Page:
How Does Your Rain Garden Grow… and Why?

Two of the many great things about the Aiken community are its commitment to preserving our natural resources and its respect for the idea of shared responsibility. There are many long-standing and notable efforts throughout this community to protect our various valued resources. More recently, the community has seen early efforts in what is a relatively new frontier for Aiken in natural resource conservation – rainwater.

The many reasons for conserving rainwater are less obvious and less understood than incentives for protecting other types of natural resources. As a result, opportunities for the conservation of this precious resource are less recognized and realized. The consequences of neglect range from polluted stormwater runoff owing into our streams and water bodies, reduced recharge of the local groundwater table, increased erosion at stormwater outfalls, and ash flooding of low lying areas. All of these conditions adversely affect habitat for our ora and fauna.

The good news is that all of this is beginning to change … and it must if we are to properly protect our other natural resources. Local governments, businesses, and residents all can do their part.

The City of Aiken’s “Green Infrastructure Project” is one good example of what a municipal government can do to reduce stormwater runoff and to contribute to rainwater conservation. This many sided and innovative project is a positive first step toward these goals. For example, in targeted parking areas in downtown, conventional pavement was dug up and replaced with water permeable surfaces that allow rainfall to soak down into the underlying soil.

In addition, the City channeled runoff from downtown streets into the available greenspace of some of the City’s parkways, particularly along Park Avenue. The topography in these parkways was sculpted into depressions, lined with porous soils, to collect stormwater and allow it to percolate into the soil, replenishing the groundwater. There are two types of depressions: sloping bioswales planted with turf grass, and rain gardens planted with flood tolerant plants.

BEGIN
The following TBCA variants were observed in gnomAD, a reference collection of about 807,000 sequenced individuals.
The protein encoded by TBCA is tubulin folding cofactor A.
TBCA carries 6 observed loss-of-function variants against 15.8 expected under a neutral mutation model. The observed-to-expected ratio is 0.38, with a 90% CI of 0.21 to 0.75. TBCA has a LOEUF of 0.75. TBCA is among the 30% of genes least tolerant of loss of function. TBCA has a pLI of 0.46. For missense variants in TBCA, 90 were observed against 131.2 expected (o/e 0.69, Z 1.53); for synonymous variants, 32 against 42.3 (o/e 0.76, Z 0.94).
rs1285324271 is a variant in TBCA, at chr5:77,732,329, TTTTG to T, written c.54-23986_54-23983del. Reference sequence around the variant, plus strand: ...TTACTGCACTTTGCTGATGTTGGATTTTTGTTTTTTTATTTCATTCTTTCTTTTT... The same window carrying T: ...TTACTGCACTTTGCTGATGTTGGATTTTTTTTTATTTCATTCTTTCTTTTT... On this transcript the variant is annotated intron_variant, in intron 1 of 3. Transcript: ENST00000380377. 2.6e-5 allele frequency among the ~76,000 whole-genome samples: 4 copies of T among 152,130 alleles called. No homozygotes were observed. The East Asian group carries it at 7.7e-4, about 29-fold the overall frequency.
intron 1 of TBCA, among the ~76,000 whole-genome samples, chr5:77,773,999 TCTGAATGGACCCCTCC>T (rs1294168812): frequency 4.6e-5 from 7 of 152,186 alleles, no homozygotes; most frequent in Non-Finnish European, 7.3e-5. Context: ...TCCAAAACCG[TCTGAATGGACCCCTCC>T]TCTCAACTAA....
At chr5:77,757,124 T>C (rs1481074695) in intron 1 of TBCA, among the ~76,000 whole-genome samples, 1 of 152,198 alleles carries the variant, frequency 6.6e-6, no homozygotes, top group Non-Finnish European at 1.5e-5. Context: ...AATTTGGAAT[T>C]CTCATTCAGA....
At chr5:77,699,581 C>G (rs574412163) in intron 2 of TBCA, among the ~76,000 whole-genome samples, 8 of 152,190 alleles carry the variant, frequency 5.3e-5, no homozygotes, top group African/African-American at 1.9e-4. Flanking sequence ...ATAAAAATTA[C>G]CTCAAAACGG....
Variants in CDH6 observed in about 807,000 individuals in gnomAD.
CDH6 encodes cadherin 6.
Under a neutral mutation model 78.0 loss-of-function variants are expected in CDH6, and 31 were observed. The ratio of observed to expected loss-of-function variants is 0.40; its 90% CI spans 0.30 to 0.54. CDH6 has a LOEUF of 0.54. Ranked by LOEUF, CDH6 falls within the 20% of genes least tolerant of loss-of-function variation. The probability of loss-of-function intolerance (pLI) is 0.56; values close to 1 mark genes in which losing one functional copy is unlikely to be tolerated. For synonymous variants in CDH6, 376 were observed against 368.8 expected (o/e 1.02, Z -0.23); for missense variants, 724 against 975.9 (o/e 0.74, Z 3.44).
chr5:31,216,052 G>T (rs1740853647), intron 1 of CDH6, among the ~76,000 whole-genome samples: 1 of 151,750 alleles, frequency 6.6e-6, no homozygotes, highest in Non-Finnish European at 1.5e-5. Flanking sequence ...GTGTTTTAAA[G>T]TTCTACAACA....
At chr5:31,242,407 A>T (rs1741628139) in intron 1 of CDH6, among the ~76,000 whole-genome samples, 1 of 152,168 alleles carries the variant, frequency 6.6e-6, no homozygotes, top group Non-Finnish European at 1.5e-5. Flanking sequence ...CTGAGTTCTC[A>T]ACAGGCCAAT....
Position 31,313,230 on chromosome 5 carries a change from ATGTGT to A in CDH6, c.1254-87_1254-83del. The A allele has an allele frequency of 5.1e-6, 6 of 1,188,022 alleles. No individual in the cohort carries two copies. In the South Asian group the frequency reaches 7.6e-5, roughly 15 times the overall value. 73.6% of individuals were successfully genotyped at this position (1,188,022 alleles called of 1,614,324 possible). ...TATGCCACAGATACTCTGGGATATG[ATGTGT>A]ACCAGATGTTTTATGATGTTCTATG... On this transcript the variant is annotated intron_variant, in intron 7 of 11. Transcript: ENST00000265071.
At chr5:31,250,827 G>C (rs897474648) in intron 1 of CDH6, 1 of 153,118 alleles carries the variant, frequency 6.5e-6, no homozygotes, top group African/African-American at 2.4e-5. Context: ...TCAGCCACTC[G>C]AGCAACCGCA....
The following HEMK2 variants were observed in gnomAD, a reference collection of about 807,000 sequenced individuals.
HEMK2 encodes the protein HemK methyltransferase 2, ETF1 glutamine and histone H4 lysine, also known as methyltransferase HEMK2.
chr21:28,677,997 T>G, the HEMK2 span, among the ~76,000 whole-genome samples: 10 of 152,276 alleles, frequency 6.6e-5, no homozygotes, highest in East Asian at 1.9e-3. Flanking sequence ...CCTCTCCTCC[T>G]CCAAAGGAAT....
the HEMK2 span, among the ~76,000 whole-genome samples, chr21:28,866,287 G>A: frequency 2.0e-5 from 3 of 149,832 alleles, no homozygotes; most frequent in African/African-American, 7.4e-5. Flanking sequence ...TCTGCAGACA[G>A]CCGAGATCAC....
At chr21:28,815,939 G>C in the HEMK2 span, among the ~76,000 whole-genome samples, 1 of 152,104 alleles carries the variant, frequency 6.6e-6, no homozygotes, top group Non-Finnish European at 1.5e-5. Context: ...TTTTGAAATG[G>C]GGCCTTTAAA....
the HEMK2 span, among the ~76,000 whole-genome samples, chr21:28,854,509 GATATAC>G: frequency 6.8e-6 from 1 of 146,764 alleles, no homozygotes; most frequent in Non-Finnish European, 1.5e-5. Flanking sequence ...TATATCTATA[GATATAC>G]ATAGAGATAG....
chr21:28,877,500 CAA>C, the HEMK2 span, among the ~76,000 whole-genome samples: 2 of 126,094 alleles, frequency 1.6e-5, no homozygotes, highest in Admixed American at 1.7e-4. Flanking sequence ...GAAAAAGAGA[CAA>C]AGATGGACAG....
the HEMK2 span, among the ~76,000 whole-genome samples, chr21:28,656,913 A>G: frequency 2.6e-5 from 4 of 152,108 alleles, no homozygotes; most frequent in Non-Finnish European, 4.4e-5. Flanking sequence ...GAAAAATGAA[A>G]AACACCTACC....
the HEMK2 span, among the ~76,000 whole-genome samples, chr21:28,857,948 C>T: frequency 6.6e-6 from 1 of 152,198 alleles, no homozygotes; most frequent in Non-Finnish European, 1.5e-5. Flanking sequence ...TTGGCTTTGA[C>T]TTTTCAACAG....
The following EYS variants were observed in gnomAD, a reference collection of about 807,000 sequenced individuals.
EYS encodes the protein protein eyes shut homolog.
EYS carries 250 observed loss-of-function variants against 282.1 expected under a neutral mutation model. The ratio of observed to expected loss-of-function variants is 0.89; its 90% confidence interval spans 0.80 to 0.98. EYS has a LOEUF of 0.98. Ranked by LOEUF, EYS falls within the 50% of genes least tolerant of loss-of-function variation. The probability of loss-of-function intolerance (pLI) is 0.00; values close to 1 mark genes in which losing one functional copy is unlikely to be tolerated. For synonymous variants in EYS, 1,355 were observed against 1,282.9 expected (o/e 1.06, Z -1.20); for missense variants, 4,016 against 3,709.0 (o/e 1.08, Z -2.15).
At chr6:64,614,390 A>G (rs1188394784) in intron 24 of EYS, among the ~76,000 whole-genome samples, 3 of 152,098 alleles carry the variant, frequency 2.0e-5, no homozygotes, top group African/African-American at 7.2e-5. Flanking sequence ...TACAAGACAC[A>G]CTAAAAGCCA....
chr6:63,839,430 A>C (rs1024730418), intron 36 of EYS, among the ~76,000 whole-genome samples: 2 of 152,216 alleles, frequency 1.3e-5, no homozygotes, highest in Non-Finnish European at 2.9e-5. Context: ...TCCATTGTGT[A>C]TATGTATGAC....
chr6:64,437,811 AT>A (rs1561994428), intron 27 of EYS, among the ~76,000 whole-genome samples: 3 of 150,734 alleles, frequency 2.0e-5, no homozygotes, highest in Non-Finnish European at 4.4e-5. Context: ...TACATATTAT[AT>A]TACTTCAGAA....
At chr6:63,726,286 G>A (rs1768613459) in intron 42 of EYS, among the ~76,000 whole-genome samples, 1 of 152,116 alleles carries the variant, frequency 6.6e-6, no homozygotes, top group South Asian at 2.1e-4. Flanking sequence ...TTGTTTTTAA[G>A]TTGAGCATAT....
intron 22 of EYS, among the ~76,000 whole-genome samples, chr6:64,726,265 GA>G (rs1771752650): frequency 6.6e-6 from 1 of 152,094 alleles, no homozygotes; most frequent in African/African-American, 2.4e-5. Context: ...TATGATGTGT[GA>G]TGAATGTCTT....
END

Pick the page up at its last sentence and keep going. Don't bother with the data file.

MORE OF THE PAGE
Water conservation is in everyone’s interest, and even the individual can contribute to the cause. To really succeed, there needs to be a collective, communitywide effort. Rain gardens can be used to good effect by a federal, state, county, or city government, a large or small business, and even a private citizen at home.

A rain garden on the home scale is a gentle depression that receives runoff from nearby impermeable surfaces such as roofs, patios, sidewalks, and driveways. It is a relatively low cost, low maintenance garden feature that can become a green or colorful focal point in the garden. The location, shape, and size of a rain garden relates to the existing ow and volume of runoff on your property, as well as to the specific terrain of your lot.

With the thoughtful selection of appropriate plants, a rain garden can be designed to attract birds, butter ies, and bees. Native plants work best and will establish quickly. Depending on the amount of rainfall, the runoff collected in a rain garden will be absorbed by the plants and the soil within a few hours or a day or two, which is not long enough for the breeding of mosquitoes.

The rain garden is its own ecosystem. The plants, soils, and microorganisms present in a rain garden contribute to filtering the pollutants in the water. A number of contaminants commonly found in runoff are efficiently taken up by the plants or treated as the water is drained through the soil.

Careful research and planning are important for designing and installing an effective rain garden, but many academic and commercial resources are readily available online. After the initial installation of your rain garden, maintenance will involve watering during dry spells, periodic weeding and mulching, and seasonal replacing, pruning, and thinning of the plants. Fertilization is not necessary.

It may seem that a home or small business rain garden would make an inconsequential contribution toward conserving rainwater and alleviating the negative consequences of unabated stormwater. However, as this practice becomes more a part of the local culture and more integrated into the municipal planning process, like other conservation causes locally, the collective effort will, in fact, be appreciable. In doing so, we protect several of our other natural resources as well.


Hired in 2005 to serve as The Hitchcock Woods Foundation’s first Executive Director, Doug Rabold came to Aiken in 1990 to work at the Savannah River Site, where he held positions in human resources, community outreach, and business development. He has also been Executive Director of the Aiken Center for the Arts where he founded and organized Art After Hours and Aiken After Hours. For three years, he operated his own communications consulting business. A graduate of Duquesne University in journalism, he has served on the boards of Leadership Aiken County and Helping Hands, as well as numerous other local organizations and committees.